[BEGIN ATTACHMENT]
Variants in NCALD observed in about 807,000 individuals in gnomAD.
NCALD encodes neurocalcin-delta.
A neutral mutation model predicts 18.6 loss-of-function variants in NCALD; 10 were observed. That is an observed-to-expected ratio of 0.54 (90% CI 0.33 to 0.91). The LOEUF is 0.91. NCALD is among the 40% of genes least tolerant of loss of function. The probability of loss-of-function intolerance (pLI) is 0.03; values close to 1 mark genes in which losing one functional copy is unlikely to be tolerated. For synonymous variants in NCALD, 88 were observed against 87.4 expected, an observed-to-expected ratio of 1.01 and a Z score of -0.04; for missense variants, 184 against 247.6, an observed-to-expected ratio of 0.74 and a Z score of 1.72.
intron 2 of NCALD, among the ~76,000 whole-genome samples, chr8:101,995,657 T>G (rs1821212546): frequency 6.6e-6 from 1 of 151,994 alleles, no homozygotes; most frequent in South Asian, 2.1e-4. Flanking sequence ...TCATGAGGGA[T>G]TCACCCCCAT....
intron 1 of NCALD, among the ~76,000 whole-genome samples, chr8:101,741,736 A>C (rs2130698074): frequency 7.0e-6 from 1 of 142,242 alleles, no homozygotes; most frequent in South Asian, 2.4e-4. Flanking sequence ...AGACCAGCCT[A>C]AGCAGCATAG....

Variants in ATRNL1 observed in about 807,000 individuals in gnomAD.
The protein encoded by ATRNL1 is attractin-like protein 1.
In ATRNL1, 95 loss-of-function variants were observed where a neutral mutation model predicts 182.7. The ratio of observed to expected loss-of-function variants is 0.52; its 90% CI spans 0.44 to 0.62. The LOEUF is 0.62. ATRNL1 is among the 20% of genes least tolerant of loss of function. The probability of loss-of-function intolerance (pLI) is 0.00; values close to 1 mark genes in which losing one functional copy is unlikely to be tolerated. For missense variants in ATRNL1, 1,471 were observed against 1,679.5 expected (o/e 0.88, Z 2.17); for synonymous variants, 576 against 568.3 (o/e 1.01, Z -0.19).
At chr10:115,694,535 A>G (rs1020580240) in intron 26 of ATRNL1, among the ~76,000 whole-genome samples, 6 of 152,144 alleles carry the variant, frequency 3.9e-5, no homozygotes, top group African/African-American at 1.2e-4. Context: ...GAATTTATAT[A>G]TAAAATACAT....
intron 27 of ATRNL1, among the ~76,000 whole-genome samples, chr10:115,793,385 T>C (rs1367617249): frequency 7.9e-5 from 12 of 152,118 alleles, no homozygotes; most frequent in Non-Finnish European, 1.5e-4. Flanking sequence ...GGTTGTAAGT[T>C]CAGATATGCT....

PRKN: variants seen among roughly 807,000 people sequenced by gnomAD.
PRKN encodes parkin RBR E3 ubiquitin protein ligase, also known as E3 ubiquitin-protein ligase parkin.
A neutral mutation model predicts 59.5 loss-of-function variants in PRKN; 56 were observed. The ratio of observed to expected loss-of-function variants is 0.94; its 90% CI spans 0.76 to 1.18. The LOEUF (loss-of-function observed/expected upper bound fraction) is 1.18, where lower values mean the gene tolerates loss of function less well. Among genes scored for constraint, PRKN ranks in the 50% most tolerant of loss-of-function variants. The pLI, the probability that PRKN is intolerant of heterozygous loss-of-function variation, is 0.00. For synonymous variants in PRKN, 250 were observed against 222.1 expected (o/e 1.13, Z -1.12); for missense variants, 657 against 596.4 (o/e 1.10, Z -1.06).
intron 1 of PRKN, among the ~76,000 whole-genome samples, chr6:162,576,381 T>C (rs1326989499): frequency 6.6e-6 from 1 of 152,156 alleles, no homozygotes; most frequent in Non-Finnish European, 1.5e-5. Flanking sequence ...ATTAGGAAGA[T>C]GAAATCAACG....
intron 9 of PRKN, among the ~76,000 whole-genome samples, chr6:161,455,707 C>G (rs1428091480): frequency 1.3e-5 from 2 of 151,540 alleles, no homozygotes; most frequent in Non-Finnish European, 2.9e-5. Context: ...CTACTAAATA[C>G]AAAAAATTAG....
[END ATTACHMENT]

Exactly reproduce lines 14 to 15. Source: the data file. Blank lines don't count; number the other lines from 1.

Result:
intron 1 of PRKN, among the ~76,000 whole-genome samples, chr6:162,576,381 T>C (rs1326989499): frequency 6.6e-6 from 1 of 152,156 alleles, no homozygotes; most frequent in Non-Finnish European, 1.5e-5. Flanking sequence ...ATTAGGAAGA[T>C]GAAATCAACG....
intron 9 of PRKN, among the ~76,000 whole-genome samples, chr6:161,455,707 C>G (rs1428091480): frequency 1.3e-5 from 2 of 151,540 alleles, no homozygotes; most frequent in Non-Finnish European, 2.9e-5. Context: ...CTACTAAATA[C>G]AAAAAATTAG....